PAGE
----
Example Hybrid Brewers

Cup Characteristics of Hybrid Brewing

The coffee would taste like you would expect it to; it will have the clarity of the pour over brew to a certain extent and also a nice body to the coffee due to the coffee being immersed in water. The pressure element doesn’t tend to add much to the taste profile as the pressures are quite low in this method.


Summary

The biggest take away in identifying how the brewer brews coffee is to see how the water is passed through the coffee bed. Each brew method tastes different and has certain characteristics to it that make it stand apart from the other methods. The same coffee brewed using different brew methods might give off different flavor notes or cup characteristics. Playing with the same coffee using multiple methods is a lot of fun too.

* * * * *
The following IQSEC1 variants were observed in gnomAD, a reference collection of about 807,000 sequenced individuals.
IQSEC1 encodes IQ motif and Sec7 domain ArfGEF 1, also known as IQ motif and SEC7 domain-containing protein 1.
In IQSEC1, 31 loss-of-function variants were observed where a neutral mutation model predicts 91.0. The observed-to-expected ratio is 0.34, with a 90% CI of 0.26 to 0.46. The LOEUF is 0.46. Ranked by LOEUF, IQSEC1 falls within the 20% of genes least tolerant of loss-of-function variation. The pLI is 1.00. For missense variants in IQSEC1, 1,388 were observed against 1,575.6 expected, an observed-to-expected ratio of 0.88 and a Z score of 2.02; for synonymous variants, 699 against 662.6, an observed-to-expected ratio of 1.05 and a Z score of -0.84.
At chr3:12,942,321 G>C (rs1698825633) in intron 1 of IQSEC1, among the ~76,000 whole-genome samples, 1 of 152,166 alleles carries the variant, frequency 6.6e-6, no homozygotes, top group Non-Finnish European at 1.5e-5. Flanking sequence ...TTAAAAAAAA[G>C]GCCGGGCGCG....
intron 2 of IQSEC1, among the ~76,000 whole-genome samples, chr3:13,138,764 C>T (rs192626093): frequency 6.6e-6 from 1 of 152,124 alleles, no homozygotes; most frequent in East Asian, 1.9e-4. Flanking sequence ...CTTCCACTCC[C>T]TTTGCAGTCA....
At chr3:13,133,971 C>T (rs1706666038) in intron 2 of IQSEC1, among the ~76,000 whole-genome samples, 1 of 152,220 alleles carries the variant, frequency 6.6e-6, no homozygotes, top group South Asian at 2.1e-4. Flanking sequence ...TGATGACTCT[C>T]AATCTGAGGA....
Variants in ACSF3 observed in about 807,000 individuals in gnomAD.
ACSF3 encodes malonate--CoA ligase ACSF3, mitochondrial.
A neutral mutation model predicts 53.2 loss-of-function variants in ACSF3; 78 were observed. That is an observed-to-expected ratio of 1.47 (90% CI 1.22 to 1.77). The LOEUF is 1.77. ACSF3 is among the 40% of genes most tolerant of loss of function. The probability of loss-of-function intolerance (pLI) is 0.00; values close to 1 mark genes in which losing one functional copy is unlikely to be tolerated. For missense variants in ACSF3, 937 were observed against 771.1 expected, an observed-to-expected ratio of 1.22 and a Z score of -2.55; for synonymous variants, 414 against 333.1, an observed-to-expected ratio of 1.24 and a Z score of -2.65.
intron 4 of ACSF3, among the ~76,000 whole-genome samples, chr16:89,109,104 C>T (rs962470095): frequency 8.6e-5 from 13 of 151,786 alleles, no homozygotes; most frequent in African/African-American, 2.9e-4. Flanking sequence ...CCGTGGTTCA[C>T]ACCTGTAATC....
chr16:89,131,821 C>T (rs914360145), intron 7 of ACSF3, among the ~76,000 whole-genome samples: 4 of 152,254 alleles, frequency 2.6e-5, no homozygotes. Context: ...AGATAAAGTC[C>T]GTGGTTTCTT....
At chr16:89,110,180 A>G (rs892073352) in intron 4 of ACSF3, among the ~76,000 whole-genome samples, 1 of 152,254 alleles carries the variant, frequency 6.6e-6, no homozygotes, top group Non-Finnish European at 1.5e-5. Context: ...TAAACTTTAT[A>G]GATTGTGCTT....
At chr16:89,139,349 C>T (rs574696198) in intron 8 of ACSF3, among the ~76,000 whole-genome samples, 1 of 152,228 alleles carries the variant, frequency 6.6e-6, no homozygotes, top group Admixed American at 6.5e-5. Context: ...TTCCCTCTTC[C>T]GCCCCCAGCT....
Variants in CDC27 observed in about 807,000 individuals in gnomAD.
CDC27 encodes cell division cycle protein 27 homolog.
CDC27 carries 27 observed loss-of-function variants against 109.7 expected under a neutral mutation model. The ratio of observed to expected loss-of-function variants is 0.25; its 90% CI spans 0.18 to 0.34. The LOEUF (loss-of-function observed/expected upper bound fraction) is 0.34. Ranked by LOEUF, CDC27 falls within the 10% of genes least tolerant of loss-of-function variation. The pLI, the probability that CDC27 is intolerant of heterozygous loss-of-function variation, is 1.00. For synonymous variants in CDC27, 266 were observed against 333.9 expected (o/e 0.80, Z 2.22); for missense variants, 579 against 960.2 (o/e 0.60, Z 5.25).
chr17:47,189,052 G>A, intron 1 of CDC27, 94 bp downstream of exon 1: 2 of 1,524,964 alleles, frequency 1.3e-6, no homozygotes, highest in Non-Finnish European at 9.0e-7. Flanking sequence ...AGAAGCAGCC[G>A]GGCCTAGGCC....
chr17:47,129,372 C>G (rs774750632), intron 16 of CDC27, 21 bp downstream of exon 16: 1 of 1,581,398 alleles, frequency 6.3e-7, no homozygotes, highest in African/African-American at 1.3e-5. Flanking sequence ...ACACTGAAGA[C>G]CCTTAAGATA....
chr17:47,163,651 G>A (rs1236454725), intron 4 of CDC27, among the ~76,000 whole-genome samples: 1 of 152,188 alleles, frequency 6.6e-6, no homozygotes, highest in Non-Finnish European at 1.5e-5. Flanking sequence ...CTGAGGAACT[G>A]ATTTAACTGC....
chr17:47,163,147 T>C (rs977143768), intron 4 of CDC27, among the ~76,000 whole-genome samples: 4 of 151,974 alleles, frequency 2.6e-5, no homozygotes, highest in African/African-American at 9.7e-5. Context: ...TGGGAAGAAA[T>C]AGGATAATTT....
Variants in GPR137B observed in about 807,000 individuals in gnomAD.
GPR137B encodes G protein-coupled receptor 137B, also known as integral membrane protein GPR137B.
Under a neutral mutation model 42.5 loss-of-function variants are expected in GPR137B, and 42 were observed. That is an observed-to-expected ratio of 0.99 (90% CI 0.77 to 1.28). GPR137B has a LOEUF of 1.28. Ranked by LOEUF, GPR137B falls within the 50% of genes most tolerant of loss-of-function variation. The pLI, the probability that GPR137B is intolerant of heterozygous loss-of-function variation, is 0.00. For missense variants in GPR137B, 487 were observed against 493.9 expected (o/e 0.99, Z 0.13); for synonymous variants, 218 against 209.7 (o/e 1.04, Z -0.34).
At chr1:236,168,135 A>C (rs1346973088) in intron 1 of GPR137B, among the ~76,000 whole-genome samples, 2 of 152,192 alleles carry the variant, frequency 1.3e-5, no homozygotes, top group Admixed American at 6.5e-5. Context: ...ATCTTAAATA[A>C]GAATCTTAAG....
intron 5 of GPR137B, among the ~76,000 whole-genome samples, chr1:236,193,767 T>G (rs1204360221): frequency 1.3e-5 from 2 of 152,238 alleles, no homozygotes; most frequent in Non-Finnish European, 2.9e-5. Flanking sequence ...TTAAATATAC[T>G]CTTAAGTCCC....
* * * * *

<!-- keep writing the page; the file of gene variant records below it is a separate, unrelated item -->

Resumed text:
There is a lot more to each brew method and to do justice to each one it would warrant an independent post. Though all this information may seem a lot to digest at first, but if you take a moment to look at the entire coffee brewing process as a whole, the ultimate goal is the same and even though the path to achieve the goal of having a great cup may differ the process isn’t all that different from one another. The more you brew the better your intuition grows for brewing each process and when you have brewed a great cup of coffee it puts a nice smile on your face and I feel that’s a great way to begin your day.

Free Download

Download the free, printable coffee brew guide cheatsheet

  • Quick reference for ratios, water temp & brew times
  • 8 brew methods including chemex, V60, aeropress & more
  • Serving sizes and tips for each brew method
The Coffee Brew Guide Cheatsheet preview